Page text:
World's War on Greenhouse Gas Emissions Has a Military Blind Spot

By Sarah McFarlane & Valerie Volcovici

LONDON/WASHINGTON, (Reuters) – When taking stock of the global emissions there is an elephant in room: The world's armed services.

Scientists and environmental groups are increasing pressure on the U.N. as temperatures reach new heights. They want the U.N. force all armies to disclose their emissions, and to end the long-standing exception that allowed some climate pollution to be hidden.

According to an estimate made by international experts in 2022, the military is among the biggest fuel consumers on earth. It accounts for 5,5% of greenhouse gas emissions worldwide.

Scientists and academics claim that the defence forces aren't bound by international climate treaties to report their carbon emissions or reduce them. The data published by some militaries, however, is often unreliable and incomplete.

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The reason for this is that military emissions, including those from jets, sailing ships, and training exercises, have been excluded from the 1997 Kyoto Protocol to reduce greenhouse gases, as well as the 2015 Paris accords, on the basis that the data on energy consumption by armies may undermine national security.

Environmental groups Tipping point North South and The Conflict and Environment Observatory are now among those who use research papers, letters campaigns, and conferences to lobby for a more transparent and comprehensive military emissions reporting.

According to a campaigner who keeps track of the research, in the first five months 2023 at least 17 peer-reviewed papers were published. This is three times as many as the total number of 2022, and more than all the previous nine years put together.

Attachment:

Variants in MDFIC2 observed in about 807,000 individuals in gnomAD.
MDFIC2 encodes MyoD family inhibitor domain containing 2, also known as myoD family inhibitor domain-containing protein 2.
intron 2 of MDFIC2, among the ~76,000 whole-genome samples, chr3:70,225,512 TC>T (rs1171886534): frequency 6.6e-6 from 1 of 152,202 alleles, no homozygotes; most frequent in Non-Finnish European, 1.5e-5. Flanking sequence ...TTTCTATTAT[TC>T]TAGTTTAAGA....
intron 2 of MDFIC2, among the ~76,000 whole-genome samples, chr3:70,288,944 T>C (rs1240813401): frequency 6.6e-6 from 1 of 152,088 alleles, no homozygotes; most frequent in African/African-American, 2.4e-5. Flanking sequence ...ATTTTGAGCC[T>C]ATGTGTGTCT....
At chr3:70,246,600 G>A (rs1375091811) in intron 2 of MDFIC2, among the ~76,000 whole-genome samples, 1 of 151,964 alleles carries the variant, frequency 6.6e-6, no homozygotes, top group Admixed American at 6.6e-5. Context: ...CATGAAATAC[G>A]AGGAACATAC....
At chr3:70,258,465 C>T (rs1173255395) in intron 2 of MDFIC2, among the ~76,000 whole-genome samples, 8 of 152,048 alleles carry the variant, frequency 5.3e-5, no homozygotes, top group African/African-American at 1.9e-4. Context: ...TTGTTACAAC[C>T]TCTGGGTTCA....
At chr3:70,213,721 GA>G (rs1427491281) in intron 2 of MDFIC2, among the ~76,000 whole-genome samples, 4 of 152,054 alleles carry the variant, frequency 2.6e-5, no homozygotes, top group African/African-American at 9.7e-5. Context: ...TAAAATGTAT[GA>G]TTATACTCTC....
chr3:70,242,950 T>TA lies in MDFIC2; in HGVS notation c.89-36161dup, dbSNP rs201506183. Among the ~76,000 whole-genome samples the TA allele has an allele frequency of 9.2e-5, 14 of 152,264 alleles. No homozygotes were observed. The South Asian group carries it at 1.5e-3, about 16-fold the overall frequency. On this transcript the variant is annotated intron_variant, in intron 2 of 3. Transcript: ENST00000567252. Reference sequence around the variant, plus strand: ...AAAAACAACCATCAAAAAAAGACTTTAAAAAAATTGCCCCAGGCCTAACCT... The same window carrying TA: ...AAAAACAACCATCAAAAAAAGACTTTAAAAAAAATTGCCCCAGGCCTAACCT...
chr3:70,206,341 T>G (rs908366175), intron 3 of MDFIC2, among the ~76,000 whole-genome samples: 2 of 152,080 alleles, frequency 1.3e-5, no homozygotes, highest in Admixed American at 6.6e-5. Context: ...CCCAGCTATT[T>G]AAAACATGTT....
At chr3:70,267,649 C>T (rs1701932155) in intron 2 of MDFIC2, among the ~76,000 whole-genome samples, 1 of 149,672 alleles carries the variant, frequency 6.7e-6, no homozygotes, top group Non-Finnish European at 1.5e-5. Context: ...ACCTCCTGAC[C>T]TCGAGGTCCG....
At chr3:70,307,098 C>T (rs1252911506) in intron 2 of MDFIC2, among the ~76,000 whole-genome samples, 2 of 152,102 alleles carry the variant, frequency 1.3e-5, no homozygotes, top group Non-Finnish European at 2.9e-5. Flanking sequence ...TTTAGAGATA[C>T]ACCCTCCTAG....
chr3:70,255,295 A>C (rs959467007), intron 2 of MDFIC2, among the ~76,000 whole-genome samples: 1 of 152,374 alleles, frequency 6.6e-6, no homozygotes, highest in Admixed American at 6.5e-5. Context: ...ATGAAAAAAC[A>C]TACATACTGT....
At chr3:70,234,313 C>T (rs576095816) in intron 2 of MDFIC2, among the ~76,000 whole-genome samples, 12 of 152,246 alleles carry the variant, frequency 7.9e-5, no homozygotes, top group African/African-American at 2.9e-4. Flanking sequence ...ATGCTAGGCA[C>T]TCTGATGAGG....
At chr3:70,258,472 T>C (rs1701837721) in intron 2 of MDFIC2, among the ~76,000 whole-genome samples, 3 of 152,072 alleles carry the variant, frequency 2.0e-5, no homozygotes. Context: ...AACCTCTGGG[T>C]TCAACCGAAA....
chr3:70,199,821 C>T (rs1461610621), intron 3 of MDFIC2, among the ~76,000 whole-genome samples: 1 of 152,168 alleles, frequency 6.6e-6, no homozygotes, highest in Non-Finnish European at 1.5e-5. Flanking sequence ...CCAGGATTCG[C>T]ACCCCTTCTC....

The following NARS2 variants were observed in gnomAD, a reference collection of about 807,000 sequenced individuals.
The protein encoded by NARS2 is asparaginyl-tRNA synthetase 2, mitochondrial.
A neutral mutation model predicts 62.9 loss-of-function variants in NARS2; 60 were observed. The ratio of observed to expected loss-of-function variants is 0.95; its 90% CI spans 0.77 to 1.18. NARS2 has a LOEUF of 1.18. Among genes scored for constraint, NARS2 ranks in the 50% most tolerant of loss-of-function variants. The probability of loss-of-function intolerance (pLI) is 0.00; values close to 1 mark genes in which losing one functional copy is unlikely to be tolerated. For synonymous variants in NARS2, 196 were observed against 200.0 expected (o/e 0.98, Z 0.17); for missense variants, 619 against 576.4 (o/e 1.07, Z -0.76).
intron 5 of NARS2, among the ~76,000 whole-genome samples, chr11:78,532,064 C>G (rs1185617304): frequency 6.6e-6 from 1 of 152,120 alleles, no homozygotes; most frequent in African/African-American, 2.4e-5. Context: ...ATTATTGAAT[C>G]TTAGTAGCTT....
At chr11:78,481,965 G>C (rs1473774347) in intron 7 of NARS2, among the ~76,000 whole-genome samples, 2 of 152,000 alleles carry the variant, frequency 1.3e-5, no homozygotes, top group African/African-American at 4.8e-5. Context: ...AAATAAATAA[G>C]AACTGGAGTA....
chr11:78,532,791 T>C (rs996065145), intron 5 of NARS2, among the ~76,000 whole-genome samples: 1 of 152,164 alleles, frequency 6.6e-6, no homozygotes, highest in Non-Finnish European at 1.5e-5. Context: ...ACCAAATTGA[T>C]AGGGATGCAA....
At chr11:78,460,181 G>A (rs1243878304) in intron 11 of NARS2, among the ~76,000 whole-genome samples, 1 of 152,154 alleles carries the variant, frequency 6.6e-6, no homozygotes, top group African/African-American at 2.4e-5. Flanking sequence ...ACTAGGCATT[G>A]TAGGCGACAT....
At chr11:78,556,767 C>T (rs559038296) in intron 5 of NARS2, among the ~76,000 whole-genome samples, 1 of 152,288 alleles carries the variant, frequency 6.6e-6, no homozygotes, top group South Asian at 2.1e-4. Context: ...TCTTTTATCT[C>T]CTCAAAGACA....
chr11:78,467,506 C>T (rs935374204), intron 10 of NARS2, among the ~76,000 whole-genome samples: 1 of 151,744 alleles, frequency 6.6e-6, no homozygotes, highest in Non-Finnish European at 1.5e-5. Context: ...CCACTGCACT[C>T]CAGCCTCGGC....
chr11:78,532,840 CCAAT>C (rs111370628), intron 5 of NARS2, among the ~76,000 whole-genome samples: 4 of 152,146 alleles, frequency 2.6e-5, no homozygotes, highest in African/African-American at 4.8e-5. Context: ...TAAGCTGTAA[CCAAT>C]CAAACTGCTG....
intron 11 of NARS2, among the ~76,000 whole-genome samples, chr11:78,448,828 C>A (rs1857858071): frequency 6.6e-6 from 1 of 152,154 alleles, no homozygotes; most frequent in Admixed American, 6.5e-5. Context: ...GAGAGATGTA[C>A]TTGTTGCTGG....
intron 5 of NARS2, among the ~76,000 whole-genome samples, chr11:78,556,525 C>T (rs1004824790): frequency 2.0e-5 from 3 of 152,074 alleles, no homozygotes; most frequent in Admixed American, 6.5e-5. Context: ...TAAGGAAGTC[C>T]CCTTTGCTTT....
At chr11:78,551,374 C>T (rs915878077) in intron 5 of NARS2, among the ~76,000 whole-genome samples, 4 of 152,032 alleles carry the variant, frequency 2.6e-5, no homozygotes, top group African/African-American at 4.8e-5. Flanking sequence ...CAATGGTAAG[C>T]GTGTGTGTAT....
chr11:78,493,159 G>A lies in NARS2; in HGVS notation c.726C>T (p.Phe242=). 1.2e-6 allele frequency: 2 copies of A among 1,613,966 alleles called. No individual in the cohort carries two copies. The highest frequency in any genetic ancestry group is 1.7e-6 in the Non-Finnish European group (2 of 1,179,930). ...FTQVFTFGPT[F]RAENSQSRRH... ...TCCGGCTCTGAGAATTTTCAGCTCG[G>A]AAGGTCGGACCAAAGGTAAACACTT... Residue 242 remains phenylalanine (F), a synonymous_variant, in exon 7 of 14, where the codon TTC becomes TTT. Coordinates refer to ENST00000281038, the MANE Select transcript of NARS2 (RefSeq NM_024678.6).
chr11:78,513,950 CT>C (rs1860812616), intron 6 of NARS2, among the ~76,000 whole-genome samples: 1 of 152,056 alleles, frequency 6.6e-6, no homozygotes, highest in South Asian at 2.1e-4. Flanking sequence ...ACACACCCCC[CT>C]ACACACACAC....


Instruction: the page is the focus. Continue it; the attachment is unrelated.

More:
In February, the groups wrote to the U.N. The groups also wrote to the U.N. in February, urging them to include all military emission data as part of global carbon accounting.

The groups stated that "our climate emergency cannot afford to allow the 'business-as-usual' omissions of military and conflict related emissions within the UNFCCC processes."

The first global stocktake – an assessment of countries' progress towards Paris climate goals – will take place during the COP28 Climate Summit in the United Arab Emirates, starting Nov. 30, and will focus on emissions accounting.

Axel Michaelowa is the founding partner of Perspectives Climate Group. He said that conflict-related carbon emissions are not included in UNFCCC's accounting.


There are currently few indications that the lobbying campaign this year will yield any results.

In an emailed answer to questions, the UNFCCC stated that it had no plans to amend its guidance on military emission accounting. However, this issue could be raised at future summits including COP28 in Dubai.

When asked whether military emissions will be discussed at this two-week U.N. Summit, the UAE presidency stated that one of the thematic days would be "relief and recovery" without providing any further details.

Some militaries, however, are already preparing to change their reporting requirements over the next few years. Others are taking steps to reduce their climate impact.

NATO, a Western security alliance of 31 countries, has, for instance, informed Reuters that it has developed a method for its members in order to report their emissions.

Defence officials say that countries such as New Zealand are examining whether they should include previously excluded areas such as emissions from operations overseas, and Britain and Germany are addressing grey areas within their reporting.